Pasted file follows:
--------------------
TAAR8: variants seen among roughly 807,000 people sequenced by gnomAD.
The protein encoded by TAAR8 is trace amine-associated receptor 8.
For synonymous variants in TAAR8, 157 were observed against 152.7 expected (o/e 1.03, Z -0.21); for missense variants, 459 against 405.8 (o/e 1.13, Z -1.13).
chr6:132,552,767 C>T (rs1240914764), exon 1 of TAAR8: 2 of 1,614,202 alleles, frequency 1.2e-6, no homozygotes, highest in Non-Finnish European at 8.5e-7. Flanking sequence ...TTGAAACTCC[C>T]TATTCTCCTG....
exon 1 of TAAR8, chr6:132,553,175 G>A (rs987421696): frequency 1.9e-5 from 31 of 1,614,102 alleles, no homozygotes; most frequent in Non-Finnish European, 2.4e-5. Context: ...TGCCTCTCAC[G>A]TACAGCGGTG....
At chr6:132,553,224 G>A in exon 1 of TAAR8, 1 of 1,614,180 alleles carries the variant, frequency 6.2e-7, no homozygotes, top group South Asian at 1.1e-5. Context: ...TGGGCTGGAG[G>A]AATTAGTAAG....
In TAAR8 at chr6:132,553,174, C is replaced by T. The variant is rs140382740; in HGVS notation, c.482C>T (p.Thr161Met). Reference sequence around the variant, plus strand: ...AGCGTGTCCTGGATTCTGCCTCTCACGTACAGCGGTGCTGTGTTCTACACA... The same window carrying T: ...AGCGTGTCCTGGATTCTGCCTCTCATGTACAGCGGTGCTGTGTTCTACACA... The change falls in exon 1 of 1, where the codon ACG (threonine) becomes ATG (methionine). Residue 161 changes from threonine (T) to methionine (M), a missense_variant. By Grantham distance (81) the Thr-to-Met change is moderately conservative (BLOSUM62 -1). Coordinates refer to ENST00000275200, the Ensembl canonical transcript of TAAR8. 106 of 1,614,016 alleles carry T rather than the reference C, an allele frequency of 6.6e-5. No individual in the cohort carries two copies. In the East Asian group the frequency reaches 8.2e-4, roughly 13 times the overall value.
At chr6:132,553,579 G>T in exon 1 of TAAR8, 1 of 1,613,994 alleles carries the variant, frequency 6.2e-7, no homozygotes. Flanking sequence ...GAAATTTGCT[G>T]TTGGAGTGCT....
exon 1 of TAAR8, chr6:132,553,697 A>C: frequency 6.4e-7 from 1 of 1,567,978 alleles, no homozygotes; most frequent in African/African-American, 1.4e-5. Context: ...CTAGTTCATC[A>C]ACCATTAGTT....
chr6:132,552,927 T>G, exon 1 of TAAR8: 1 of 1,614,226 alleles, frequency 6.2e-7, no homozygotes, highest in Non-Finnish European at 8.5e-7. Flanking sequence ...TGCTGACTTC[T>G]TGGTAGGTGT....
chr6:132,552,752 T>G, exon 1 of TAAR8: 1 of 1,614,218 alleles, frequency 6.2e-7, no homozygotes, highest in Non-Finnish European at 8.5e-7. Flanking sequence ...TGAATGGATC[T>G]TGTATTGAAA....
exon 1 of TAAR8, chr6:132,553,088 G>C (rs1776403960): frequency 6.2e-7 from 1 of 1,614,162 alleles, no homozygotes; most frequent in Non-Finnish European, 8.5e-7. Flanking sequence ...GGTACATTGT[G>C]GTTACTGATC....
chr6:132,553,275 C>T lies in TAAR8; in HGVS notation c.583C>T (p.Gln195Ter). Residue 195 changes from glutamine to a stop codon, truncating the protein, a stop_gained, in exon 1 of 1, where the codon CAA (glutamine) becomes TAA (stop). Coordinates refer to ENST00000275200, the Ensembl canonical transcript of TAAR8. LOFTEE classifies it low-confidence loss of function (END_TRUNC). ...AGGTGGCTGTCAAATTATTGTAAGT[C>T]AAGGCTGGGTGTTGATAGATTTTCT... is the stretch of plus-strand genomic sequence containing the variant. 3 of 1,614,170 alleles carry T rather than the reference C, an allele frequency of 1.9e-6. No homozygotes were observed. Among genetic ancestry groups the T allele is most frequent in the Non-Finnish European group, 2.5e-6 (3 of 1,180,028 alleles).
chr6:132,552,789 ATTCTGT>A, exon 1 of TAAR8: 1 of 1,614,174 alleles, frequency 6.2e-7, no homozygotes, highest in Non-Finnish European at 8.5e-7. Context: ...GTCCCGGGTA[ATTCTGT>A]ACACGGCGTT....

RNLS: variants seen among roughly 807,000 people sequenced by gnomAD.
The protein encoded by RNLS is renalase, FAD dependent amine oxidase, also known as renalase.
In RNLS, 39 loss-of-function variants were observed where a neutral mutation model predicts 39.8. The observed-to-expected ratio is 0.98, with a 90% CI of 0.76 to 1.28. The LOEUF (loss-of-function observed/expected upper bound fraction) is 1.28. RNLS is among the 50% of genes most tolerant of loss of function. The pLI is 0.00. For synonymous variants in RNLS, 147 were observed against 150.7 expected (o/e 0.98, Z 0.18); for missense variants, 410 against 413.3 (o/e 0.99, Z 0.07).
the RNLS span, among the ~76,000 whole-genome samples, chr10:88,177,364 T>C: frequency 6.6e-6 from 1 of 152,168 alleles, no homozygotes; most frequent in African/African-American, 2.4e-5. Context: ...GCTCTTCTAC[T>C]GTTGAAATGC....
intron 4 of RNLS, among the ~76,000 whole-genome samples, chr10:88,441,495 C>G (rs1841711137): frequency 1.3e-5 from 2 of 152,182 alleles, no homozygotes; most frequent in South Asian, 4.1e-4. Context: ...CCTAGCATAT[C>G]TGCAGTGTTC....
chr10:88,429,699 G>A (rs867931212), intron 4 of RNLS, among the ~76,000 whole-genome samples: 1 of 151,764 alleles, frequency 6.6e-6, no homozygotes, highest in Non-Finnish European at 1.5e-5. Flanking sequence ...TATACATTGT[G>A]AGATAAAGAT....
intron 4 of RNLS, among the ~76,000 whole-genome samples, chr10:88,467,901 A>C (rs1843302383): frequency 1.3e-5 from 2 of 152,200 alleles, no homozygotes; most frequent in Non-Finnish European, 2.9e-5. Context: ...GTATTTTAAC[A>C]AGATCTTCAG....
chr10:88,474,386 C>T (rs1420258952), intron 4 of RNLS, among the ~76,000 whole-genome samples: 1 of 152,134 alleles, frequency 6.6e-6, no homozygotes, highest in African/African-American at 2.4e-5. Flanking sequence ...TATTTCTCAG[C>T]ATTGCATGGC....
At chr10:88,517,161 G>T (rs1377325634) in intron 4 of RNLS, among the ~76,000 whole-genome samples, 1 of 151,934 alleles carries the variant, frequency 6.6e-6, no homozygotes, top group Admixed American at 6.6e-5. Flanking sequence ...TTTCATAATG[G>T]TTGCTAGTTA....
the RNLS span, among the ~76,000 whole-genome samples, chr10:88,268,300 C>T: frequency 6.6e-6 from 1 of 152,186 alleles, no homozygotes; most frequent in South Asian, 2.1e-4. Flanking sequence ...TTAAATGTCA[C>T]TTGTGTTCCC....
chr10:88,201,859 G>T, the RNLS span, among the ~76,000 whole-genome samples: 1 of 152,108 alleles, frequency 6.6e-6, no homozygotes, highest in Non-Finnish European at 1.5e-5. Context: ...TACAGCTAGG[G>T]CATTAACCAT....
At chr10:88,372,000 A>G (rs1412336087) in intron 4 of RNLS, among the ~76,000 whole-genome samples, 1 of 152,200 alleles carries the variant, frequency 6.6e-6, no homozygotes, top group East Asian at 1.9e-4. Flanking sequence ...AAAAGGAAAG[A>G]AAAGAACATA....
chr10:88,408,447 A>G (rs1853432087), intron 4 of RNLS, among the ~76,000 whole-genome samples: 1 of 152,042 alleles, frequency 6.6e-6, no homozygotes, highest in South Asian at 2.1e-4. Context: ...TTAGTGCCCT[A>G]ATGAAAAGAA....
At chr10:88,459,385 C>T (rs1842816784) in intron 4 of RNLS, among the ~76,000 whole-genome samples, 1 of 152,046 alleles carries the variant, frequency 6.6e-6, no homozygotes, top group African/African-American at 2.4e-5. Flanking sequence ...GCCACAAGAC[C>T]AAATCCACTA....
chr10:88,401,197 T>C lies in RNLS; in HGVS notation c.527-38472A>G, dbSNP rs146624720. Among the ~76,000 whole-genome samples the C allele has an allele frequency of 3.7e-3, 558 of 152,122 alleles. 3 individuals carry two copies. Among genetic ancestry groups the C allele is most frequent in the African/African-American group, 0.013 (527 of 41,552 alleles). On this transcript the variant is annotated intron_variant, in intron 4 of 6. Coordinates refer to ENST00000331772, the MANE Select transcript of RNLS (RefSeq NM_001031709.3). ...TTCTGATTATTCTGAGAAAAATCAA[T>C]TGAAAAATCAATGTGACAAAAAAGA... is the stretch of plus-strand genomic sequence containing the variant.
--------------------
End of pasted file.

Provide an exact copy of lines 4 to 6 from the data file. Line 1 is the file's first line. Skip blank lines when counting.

chr6:132,552,767 C>T (rs1240914764), exon 1 of TAAR8: 2 of 1,614,202 alleles, frequency 1.2e-6, no homozygotes, highest in Non-Finnish European at 8.5e-7. Flanking sequence ...TTGAAACTCC[C>T]TATTCTCCTG....
exon 1 of TAAR8, chr6:132,553,175 G>A (rs987421696): frequency 1.9e-5 from 31 of 1,614,102 alleles, no homozygotes; most frequent in Non-Finnish European, 2.4e-5. Context: ...TGCCTCTCAC[G>A]TACAGCGGTG....
At chr6:132,553,224 G>A in exon 1 of TAAR8, 1 of 1,614,180 alleles carries the variant, frequency 6.2e-7, no homozygotes, top group South Asian at 1.1e-5. Context: ...TGGGCTGGAG[G>A]AATTAGTAAG....